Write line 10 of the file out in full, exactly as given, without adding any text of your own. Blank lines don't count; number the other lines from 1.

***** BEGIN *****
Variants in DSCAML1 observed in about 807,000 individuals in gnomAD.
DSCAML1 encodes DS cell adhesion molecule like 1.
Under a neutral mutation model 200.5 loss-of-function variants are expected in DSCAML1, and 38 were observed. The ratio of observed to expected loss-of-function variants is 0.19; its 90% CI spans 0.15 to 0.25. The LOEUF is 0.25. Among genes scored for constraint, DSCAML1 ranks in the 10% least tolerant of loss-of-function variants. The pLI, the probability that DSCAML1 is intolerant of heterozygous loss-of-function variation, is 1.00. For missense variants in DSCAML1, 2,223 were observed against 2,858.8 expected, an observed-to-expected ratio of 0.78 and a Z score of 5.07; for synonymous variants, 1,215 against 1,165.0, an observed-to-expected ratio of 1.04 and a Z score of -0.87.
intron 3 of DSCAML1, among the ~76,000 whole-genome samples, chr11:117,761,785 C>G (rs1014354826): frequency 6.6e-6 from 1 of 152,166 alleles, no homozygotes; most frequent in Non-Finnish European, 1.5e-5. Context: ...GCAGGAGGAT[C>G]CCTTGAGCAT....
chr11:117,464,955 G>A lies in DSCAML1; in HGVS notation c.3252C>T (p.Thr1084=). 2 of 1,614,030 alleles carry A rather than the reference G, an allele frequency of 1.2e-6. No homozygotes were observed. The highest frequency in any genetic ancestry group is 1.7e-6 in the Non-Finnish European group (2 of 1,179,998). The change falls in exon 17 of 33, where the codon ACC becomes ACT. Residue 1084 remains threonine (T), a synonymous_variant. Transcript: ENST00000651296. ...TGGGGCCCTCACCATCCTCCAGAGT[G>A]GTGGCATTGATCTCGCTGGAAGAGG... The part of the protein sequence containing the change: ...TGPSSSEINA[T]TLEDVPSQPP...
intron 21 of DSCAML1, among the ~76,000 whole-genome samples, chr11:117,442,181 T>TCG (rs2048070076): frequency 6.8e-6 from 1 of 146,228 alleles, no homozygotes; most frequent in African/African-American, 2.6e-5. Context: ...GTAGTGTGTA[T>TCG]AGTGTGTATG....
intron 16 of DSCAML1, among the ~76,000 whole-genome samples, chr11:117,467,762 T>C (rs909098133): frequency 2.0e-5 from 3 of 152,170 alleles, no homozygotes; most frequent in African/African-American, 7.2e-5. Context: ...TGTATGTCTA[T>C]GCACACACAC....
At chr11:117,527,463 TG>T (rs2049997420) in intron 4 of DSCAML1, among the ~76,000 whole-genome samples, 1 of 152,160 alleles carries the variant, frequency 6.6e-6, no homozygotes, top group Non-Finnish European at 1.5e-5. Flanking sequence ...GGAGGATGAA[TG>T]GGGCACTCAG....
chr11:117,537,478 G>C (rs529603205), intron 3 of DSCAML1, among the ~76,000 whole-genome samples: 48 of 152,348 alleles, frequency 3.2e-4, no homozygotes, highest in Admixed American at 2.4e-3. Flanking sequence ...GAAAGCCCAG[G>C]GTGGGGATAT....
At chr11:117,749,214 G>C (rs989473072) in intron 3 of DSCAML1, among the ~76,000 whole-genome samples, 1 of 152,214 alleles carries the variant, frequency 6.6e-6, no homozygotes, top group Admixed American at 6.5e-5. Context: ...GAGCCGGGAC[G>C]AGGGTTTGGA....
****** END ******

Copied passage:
At chr11:117,749,214 G>C (rs989473072) in intron 3 of DSCAML1, among the ~76,000 whole-genome samples, 1 of 152,214 alleles carries the variant, frequency 6.6e-6, no homozygotes, top group Admixed American at 6.5e-5. Context: ...GAGCCGGGAC[G>C]AGGGTTTGGA....